Speaker Gloria Macapagal-Arroyo also said she has just signed the clean copy of the Congress-approved bill replacing volume restrictions on rice importation with tariffs.
Geremy Pintolo/File
House to focus on oversight function — GMA
Jess Diaz (The Philippine Star) - January 13, 2019 - 12:00am

MANILA, Philippines — The House of Representatives will focus on doing its oversight function in the months ahead by looking into how state agencies are implementing laws and doing their job, Speaker Gloria Macapagal-Arroyo said yesterday.

“We already finished the legislative agenda that President Duterte asked for in his SONA (State of the Nation Address last July 23). So now we will spend more time on oversight, because there are laws and the laws are good. Now they have to be implemented…oversight will be a lot of the work,” she told reporters.

She said there are only a few proposed laws that are pending either in the Senate or in bicameral conference (bicam) committees.

“If ever, we will have ratification of bicam reports, but that is dependent on when the Senate will be able to finish them. So it is mainly waiting for what the Senate will bring back to us. The House has already done its part,” she said.

Arroyo also said she has just signed the clean copy of the Congress-approved bill replacing volume restrictions on rice importation with tariffs.

She added the measure would now be sent to President Duterte for his signature.

Rep. Michael Romero of 1-Pacman, an assistant majority leader, said another proposed law that is up for the President’s signature is the tax amnesty bill.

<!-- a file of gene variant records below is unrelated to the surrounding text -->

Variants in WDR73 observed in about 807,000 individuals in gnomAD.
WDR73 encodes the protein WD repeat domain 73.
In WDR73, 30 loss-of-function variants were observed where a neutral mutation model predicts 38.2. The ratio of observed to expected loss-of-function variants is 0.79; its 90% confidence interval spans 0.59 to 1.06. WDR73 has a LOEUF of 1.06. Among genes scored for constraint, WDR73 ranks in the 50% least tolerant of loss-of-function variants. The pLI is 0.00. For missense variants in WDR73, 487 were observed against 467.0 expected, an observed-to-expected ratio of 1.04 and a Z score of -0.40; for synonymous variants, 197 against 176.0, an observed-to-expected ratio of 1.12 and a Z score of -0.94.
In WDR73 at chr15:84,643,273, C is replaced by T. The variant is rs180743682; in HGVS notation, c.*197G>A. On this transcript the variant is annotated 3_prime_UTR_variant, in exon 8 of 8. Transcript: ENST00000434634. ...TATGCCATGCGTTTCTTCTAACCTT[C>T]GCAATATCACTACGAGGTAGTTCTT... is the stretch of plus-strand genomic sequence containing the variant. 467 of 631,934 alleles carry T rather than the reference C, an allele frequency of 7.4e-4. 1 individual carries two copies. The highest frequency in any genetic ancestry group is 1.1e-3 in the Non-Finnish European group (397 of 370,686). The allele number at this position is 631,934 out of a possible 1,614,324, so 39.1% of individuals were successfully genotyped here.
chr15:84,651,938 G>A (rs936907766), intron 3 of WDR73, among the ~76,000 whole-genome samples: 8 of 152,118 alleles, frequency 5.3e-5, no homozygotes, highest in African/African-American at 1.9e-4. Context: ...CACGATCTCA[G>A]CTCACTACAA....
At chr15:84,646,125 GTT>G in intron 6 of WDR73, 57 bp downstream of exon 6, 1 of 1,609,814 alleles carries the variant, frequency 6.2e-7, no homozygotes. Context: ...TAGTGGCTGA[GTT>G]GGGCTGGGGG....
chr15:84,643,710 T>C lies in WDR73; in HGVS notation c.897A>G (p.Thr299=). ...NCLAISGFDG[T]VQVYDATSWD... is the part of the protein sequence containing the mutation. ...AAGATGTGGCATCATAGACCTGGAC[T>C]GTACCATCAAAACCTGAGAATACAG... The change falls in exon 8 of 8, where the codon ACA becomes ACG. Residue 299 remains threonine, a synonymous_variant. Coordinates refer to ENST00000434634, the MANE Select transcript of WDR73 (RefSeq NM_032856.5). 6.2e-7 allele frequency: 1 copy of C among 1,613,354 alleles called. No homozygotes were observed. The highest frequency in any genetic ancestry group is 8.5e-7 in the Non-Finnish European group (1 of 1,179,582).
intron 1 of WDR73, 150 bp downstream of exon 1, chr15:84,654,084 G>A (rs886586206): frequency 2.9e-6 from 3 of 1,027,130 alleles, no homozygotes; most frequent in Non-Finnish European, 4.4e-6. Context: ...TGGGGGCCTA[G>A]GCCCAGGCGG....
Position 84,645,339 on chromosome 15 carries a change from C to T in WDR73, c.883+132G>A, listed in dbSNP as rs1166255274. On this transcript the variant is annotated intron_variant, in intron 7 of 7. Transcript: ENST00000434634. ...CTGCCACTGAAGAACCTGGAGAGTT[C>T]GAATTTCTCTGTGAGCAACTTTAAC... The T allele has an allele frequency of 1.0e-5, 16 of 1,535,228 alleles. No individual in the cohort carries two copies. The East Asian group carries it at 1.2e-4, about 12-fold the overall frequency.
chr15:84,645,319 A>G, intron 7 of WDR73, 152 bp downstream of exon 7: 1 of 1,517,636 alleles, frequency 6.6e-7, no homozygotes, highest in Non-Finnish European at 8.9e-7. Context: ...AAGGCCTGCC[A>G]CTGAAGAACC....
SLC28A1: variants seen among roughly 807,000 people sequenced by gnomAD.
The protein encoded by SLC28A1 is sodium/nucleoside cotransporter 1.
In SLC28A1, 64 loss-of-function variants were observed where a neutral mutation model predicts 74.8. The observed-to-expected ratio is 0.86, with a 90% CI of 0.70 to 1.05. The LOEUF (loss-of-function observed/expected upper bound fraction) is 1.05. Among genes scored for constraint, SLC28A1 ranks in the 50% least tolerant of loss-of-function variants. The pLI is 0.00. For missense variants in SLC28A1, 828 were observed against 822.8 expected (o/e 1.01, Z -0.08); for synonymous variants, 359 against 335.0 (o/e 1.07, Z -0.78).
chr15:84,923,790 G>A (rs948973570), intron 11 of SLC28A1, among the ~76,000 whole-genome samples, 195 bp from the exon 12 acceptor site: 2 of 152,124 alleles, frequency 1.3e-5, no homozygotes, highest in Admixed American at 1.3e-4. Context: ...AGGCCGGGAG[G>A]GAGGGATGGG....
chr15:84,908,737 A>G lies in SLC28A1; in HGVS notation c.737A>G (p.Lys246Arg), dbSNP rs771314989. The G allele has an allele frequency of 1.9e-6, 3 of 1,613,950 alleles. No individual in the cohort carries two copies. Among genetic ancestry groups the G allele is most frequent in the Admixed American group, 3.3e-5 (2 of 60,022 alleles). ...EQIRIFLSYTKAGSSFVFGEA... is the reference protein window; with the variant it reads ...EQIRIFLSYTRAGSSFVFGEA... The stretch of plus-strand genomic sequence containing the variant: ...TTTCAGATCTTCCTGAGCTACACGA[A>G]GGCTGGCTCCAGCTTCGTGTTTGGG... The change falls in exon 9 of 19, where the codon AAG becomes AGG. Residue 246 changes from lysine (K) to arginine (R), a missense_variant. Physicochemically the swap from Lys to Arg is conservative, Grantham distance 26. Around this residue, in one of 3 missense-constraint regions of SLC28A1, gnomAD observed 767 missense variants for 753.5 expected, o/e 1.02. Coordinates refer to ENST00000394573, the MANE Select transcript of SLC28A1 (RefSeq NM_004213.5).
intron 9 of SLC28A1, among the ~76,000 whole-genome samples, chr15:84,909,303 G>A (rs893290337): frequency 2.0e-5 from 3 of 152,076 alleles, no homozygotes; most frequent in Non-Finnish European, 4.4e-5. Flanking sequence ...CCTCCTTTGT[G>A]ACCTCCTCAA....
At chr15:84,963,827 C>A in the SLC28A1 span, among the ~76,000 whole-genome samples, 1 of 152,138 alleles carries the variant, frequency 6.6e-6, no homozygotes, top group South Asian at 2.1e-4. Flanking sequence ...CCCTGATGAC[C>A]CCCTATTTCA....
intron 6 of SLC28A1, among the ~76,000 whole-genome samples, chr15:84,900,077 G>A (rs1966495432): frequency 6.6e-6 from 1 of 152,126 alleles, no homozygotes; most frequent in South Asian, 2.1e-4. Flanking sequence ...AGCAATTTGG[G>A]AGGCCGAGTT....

“It’s among the President’s legislative priorities. It aims to give delinquent taxpayers the opportunity to have a clean slate by paying an amnesty tax and to be fully compliant on their tax obligations moving forward,” he said.

He said based on previous amnesty grants, the government could generate tens of billions of pesos from the planned new reprieve.

“It’s a one-time grant that we hope taxpayers with delinquencies would avail themselves of,” he added.

Romero, one of the authors of the tax amnesty bill, pointed out that “even if just half or one-fourth of the revenue target is collected, it would be a big boost to government resources that could fund vital services.”

He said he expects thousands of families with inherited properties to take advantage of the amnesty offer since the estate tax has been cut from as high as 20 percent to just six percent under the Tax Reform for Acceleration and Inclusion law.

Aside from the reduced tax, the law increased the standard deduction from P1 million to P5 million and exempts a family home worth up to P10 million (the previous limit was P1 million) from the estate levy, he stressed.

The proposed amnesty would cover 2017 and prior years. An applicant would be required to file with the Bureau of Internal Revenue (BIR) an amnesty return accompanied by a notarized statement of total assets as of Dec. 31, 2017. The applicant would pay an amnesty tax of two percent of such assets. On estate tax liabilities, the amnesty levy is six percent.

Romero said he expects the planned new amnesty offer to be in place in time for the first quarter tax-filing period.

Deputy speaker and Batangas Rep. Raneo Abu said the proposed estate tax liabilities amnesty “will promote the interest of heirs in developing inherited real properties and boost revenues of local government units.”

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